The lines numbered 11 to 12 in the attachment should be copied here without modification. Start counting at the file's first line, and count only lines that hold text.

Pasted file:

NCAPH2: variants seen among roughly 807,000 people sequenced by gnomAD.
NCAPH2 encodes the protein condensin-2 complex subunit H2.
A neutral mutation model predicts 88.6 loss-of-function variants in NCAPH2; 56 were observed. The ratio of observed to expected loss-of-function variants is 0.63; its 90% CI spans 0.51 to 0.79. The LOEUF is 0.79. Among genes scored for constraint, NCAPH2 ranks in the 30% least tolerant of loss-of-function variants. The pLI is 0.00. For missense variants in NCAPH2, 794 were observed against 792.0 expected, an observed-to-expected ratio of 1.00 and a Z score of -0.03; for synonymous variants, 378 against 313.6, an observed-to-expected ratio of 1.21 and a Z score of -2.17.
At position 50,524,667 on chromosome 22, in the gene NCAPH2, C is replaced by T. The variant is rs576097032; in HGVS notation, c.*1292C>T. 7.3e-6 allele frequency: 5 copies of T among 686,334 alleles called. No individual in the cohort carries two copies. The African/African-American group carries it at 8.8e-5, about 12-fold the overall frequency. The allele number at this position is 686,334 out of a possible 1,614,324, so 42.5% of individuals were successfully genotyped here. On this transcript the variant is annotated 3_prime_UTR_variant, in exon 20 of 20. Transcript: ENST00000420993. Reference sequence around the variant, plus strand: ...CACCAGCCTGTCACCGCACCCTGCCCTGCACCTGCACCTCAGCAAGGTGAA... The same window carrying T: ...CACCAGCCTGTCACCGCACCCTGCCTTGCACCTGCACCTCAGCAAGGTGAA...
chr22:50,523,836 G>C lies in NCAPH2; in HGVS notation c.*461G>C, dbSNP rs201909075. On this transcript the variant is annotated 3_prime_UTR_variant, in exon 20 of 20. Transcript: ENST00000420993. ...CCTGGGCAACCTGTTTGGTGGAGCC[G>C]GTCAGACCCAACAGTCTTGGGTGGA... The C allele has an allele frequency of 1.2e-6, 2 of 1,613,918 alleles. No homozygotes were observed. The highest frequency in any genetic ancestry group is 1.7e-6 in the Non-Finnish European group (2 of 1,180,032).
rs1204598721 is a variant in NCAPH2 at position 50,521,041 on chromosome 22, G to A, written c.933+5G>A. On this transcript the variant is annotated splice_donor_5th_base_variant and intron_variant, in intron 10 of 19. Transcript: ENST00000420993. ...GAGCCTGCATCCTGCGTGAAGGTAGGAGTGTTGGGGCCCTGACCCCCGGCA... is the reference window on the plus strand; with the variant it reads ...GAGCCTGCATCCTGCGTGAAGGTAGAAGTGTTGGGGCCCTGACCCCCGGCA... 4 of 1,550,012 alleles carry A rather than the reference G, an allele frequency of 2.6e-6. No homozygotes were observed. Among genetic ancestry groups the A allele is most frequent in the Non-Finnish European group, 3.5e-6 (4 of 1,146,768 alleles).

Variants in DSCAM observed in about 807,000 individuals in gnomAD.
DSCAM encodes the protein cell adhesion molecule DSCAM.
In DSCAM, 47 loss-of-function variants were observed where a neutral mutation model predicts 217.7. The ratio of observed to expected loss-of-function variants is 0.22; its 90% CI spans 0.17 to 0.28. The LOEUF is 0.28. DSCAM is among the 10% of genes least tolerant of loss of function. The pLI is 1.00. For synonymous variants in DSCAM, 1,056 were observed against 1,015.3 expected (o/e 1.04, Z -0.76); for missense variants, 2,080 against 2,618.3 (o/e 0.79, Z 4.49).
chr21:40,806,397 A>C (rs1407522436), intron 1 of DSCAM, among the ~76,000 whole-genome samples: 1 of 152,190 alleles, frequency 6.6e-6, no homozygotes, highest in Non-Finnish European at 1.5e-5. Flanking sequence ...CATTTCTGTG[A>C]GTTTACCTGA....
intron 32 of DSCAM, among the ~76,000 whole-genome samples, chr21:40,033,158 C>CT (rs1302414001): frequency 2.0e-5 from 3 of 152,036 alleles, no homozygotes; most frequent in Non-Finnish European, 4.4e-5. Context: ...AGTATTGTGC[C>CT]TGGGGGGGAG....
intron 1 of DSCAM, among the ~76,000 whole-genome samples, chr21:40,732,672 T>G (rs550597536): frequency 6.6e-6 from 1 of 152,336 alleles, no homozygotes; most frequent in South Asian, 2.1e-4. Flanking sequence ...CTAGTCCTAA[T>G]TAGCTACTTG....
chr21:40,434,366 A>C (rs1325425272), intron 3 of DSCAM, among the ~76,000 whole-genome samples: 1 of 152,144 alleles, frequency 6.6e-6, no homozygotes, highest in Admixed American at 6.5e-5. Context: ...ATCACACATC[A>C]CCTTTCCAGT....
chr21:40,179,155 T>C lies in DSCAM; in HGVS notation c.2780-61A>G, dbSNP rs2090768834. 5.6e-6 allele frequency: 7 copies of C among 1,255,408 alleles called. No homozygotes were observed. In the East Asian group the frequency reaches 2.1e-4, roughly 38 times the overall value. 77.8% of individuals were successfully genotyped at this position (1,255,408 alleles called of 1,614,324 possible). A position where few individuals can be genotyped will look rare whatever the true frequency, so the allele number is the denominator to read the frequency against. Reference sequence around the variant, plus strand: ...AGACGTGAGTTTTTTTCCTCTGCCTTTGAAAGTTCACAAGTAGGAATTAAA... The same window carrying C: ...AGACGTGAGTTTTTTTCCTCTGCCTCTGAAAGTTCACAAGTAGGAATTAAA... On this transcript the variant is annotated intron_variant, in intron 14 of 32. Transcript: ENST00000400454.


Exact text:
intron 32 of DSCAM, among the ~76,000 whole-genome samples, chr21:40,033,158 C>CT (rs1302414001): frequency 2.0e-5 from 3 of 152,036 alleles, no homozygotes; most frequent in Non-Finnish European, 4.4e-5. Context: ...AGTATTGTGC[C>CT]TGGGGGGGAG....
intron 1 of DSCAM, among the ~76,000 whole-genome samples, chr21:40,732,672 T>G (rs550597536): frequency 6.6e-6 from 1 of 152,336 alleles, no homozygotes; most frequent in South Asian, 2.1e-4. Flanking sequence ...CTAGTCCTAA[T>G]TAGCTACTTG....